Turtle Creek (Little Miami River tributary) facts for kids
Turtle Creek is a 13.7-mile-long (22.0 km) tributary of the Little Miami River in Turtlecreek Township, Warren County, Ohio, which takes its name from this creek. Turtle Creek is named for Chief Little Turtle, of the Miami Indian Tribe Turtle Creek is a tributary within the Little Miami and Ohio River watersheds.
Turtle Creek starts from the western plateau above the Little Miami River between Fort Ancient and Oregonia and flows westward through the city of Lebanon, with forks roughly following Wilmington and Oregonia Roads. West of Lebanon it turns south and empties into the Little Miami River at South Lebanon. A North Fork of Turtle Creek begins north of State Route 122 and roughly follows State Route 48 south, joining the main creek in downtown Lebanon.
Named tributaries include Reeders Run, Swamp Run, and Dry Run creeks. Reeders Run flows roughly from State Route 123 south of Red Lion and along Markey Rd, entering Turtle Creek west of Lebanon. Swamp Run flows from an area south of Lebanon Correctional Institution, and enters Turtle Creek near the intersection of Columbia Road and Turtlecreek Road between Lebanon and South Lebanon. Dry Run follows Interstate 71 southward and enters Turtle Creek near the center of South Lebanon very close the mouth of Turtle Creek at the Little Miami River.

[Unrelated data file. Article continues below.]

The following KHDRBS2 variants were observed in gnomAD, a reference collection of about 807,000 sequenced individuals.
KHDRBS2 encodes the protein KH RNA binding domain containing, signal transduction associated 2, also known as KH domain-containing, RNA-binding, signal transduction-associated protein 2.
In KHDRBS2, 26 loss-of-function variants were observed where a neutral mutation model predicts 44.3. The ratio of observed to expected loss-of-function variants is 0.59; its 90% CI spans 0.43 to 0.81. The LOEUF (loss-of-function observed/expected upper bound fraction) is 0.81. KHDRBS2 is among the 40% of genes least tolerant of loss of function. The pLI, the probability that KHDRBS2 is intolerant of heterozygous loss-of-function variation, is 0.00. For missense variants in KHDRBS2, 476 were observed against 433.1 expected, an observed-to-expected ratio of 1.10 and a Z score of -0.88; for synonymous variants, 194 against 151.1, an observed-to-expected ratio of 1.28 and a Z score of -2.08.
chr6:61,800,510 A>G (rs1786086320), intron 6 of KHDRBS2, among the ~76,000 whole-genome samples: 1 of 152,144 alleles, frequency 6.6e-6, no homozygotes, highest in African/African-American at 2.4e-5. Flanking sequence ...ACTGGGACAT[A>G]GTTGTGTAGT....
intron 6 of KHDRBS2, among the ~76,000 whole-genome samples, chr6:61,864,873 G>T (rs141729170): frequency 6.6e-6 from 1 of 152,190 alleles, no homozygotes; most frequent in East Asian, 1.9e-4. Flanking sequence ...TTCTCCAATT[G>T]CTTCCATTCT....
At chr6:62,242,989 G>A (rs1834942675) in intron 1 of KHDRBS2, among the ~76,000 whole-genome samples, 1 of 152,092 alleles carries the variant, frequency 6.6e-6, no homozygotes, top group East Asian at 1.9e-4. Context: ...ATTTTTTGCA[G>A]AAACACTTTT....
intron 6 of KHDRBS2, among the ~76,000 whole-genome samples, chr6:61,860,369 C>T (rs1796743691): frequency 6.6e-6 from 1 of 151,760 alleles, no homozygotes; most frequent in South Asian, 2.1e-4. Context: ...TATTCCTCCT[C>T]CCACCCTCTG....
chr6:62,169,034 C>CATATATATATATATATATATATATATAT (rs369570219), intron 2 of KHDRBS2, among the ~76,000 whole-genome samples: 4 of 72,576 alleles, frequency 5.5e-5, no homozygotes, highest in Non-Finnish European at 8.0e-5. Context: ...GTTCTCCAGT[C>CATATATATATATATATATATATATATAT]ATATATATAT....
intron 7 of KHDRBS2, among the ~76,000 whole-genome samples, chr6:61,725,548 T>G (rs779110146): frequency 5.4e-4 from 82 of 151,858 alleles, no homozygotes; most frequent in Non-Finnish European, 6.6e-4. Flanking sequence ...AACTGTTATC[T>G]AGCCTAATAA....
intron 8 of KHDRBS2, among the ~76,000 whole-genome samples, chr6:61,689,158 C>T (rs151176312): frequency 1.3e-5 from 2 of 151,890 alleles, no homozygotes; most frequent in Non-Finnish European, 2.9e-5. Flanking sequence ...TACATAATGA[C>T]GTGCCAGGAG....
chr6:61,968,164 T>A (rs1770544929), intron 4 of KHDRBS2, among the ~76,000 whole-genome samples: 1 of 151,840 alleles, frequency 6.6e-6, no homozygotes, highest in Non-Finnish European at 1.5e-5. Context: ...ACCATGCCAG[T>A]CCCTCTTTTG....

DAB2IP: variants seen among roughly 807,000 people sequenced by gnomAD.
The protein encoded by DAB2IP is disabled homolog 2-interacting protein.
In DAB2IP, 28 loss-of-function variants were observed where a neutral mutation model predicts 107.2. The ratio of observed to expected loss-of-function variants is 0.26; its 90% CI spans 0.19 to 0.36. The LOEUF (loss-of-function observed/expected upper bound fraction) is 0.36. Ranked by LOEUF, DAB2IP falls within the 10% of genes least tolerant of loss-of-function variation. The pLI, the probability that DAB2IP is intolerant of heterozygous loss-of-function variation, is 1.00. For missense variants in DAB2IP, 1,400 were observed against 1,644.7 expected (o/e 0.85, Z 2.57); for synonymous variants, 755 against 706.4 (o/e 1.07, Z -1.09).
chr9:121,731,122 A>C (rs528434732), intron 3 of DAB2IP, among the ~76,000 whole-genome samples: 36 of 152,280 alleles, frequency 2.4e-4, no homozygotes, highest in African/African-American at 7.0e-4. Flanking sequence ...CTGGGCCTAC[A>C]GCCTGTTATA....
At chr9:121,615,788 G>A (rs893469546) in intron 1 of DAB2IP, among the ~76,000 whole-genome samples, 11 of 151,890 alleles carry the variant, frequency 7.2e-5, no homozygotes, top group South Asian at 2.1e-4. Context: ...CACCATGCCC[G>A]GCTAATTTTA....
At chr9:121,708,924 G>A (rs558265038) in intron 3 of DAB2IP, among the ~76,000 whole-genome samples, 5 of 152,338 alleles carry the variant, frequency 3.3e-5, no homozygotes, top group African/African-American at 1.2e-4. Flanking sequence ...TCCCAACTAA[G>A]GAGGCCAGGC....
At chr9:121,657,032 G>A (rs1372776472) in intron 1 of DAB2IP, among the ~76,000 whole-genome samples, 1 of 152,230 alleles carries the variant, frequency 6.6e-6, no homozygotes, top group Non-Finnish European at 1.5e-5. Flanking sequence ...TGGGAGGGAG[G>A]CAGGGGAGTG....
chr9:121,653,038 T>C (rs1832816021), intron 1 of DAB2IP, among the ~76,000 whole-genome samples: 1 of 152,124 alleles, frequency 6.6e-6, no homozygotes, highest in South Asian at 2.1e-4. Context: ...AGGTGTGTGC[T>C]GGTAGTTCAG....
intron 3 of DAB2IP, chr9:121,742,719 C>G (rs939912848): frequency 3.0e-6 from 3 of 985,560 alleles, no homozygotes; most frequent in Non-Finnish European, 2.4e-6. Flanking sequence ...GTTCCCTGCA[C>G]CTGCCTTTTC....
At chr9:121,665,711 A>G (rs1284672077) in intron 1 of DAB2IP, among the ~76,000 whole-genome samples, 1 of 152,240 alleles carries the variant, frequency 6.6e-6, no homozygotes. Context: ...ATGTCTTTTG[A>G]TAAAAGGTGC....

- Mouth: Confluence with the Little Miami River at South Lebanon 39°22′11″N 84°13′14″W / 39.3697815°N 84.2204923°W
- Origin: Warren County east of Lebanon 39°26′15″N 84°07′31″W / 39.4375602°N 84.1252126°W
Water from Turtle Creek was once used to feed the upper section of the Warren County Canal which started at Lebanon and connected to the Miami and Erie Canal in Middletown. An earth dam was once constructed on the turtle Creek near Lebanon, creating a 40-acre (160,000 m2) reservoir to supply water to the canal.
Early settler Henry Taylor operated a grist mill on the creek in Lebanon in from about 1796 to 1803. It was one of the first mills in Warren County. It was later sold and abandoned due to limited flow of water in the dry months.